Former Sen. Talent supports the WMD Prevention and Preparedness Act of 2011

Former Senator Jim Talent (R-Missouri) recently spoke to the U.S. House of Representatives Committee on Homeland Security Hearing about his support for the WMD Prevention and Preparedness Act of 2011.

Talent asked that his testimony be considered a joint statement with former Senator Bob Graham (D-Florida), on behalf of the Bipartisan WMD Terrorism Research Center, better known as the WMD Center, according to

The WMD Center supports the WMD Prevention and Preparedness Act of 2011, but notes that moving the bill through Congress’ various committees and subcommittees fully intact remains a challenge.

“The WMD Center is not in the business of assigning grades to specific pieces of legislation; however, if we were in that business, this carefully-crafted, comprehensive bill would receive high marks,” Talent said, reports. “If all articles within this legislation were to become law, it would represent progress for America’s biodefense capabilities.”

Talent, though positive about the new legislation, remained cautious about the long-term future of America’s biodefense policy.

“While we enthusiastically support this legislation, we also must ask, is it enough?” Talent said.

Talent singled out the re-establishment of the position of Special Assistant to the President for Biodefense as an example of the bill’s positive direction, with an added note of concern over what still needs to be accomplished.

“While the WMD Center fully supports your call to re-establish the position of Special Assistant to the President for Biodefense, we understand that doing so will not fix all the deficiencies in leadership and organizational structure for America’s biodefense enterprise,” Talent said.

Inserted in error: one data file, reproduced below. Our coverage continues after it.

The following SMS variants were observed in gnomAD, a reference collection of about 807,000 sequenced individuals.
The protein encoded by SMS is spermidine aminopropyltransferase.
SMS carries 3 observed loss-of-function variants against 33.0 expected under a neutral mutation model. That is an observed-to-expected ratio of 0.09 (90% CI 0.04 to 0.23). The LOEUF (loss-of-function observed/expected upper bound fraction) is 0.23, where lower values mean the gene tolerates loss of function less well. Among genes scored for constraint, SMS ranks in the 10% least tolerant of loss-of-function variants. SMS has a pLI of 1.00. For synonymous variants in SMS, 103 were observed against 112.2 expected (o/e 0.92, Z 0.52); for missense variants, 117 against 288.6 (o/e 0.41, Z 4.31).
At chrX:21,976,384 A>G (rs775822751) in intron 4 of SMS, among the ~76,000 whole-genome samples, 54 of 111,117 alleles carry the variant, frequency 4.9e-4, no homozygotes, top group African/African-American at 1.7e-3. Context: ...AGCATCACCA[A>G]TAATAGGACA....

With the WMD Center’s first major project, a report card focused on America’s capability to respond to a large-scale biological event, scheduled for completion in mid-October, Talent also took the opportunity to explain how the center is conducting its research and what it expects to achieve.

“It will consist of three parts: a review of the threat, an assessment of America’s current capabilities to effectively respond to act of bioterrorism, and recommendations that will set us on the course to reach our goal: removing bioterrorism from the category of WMD,” Talent said. “While we will never be able to remove nuclear weapons from the category of WMD, it is within our power to remove bioterrorism from the category.”

Because select agents are ubiquitous in nature and rapid advances in biotechnology have given non-state actors the capability to produce sophisticated bioweapons, Talent said that the major role of a national biodefense strategy should be preparedness.

Talent, the WMD Center’s vice-chairman, and Graham, the WMD Center’s chairman, founded the organization along with Colonel Randy Larsen, USAF (ret.), at the conclusion of the Congressional Commission on the Prevention of Weapons of Mass Destruction Proliferation and Terrorism in 2010.